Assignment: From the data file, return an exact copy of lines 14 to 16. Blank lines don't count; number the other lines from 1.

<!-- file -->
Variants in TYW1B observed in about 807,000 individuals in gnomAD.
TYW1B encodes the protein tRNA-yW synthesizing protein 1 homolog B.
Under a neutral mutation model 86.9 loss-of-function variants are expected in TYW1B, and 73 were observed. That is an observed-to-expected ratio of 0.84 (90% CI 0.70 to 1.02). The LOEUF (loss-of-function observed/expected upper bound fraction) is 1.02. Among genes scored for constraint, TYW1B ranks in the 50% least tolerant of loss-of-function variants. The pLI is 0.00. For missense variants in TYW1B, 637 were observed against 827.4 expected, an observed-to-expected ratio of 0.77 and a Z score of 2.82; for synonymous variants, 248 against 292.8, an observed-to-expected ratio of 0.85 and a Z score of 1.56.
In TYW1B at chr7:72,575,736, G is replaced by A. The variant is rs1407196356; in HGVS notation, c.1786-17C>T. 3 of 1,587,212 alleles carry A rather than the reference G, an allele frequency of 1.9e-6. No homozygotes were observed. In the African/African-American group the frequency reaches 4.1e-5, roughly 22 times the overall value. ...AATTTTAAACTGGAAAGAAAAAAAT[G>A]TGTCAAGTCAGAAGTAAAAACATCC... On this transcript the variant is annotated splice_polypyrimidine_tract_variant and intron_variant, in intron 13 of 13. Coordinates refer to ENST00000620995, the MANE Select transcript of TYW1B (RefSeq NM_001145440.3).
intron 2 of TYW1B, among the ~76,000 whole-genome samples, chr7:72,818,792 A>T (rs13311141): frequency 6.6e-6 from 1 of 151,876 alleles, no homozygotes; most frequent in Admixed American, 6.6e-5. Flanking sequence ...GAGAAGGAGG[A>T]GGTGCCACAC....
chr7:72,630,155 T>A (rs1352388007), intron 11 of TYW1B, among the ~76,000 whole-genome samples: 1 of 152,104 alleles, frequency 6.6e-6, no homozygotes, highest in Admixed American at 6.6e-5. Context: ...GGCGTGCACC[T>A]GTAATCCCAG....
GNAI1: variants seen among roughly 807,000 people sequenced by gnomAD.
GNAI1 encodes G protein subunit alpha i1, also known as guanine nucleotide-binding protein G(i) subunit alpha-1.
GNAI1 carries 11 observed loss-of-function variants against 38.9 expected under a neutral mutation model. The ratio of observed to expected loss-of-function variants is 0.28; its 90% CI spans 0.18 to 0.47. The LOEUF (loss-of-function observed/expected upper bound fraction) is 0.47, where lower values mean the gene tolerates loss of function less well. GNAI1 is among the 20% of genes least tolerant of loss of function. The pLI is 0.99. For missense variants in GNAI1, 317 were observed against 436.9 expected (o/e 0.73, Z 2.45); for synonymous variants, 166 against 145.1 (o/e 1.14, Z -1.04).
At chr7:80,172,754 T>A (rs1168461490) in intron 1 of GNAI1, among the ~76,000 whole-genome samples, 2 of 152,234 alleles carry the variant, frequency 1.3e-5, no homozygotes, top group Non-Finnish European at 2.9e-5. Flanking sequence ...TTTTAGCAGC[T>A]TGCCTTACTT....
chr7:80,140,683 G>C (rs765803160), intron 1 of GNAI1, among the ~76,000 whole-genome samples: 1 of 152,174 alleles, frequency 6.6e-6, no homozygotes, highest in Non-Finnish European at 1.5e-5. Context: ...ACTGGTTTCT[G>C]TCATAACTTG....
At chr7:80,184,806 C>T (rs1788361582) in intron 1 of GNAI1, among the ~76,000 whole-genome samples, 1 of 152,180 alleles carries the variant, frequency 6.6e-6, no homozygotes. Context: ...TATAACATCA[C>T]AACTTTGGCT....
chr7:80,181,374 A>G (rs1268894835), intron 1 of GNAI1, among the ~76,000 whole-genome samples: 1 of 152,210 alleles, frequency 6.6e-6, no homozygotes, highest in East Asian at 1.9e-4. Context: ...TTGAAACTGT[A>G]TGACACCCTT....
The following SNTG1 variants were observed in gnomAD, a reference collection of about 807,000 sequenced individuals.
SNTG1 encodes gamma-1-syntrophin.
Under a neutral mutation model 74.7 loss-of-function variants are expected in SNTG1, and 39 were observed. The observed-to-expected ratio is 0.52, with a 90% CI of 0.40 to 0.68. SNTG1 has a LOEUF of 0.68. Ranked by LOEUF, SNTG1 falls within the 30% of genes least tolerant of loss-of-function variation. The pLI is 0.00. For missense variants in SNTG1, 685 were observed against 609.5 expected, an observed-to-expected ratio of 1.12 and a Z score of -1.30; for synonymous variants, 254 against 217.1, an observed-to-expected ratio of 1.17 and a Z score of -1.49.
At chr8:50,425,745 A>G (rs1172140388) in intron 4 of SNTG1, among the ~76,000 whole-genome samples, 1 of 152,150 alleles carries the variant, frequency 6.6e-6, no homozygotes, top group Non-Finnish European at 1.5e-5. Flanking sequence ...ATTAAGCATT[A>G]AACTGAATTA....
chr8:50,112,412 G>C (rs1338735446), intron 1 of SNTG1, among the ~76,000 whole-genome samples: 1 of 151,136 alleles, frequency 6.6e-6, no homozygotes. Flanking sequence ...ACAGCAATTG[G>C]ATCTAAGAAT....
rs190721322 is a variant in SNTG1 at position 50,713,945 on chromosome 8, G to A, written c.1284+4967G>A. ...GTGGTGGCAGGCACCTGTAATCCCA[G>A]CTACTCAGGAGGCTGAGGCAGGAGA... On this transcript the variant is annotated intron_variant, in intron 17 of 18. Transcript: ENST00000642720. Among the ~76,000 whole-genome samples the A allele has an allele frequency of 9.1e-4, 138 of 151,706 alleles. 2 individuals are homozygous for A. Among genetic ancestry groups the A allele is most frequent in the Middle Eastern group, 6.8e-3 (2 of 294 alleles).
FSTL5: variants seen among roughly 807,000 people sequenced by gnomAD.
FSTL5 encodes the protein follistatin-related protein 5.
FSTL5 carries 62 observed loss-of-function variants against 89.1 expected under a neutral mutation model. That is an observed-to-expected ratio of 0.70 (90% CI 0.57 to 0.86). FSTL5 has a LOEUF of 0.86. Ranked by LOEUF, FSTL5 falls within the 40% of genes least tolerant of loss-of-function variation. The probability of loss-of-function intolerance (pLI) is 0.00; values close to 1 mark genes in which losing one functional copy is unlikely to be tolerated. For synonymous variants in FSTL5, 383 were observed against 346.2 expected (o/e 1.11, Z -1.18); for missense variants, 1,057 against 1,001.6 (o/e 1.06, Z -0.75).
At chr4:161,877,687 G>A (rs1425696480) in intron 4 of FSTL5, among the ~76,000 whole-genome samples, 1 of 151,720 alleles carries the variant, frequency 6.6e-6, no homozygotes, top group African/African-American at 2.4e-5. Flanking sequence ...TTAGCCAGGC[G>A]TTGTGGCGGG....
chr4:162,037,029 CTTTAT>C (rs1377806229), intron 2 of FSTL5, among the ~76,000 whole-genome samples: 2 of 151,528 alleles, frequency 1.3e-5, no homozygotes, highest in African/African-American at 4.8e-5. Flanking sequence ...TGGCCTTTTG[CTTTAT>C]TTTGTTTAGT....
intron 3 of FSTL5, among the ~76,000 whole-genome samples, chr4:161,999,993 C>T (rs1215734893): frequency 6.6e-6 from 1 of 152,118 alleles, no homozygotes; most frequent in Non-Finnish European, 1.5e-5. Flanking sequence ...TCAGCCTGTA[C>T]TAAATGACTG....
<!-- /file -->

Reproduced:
The following SNTG1 variants were observed in gnomAD, a reference collection of about 807,000 sequenced individuals.
SNTG1 encodes gamma-1-syntrophin.
Under a neutral mutation model 74.7 loss-of-function variants are expected in SNTG1, and 39 were observed. The observed-to-expected ratio is 0.52, with a 90% CI of 0.40 to 0.68. SNTG1 has a LOEUF of 0.68. Ranked by LOEUF, SNTG1 falls within the 30% of genes least tolerant of loss-of-function variation. The pLI is 0.00. For missense variants in SNTG1, 685 were observed against 609.5 expected, an observed-to-expected ratio of 1.12 and a Z score of -1.30; for synonymous variants, 254 against 217.1, an observed-to-expected ratio of 1.17 and a Z score of -1.49.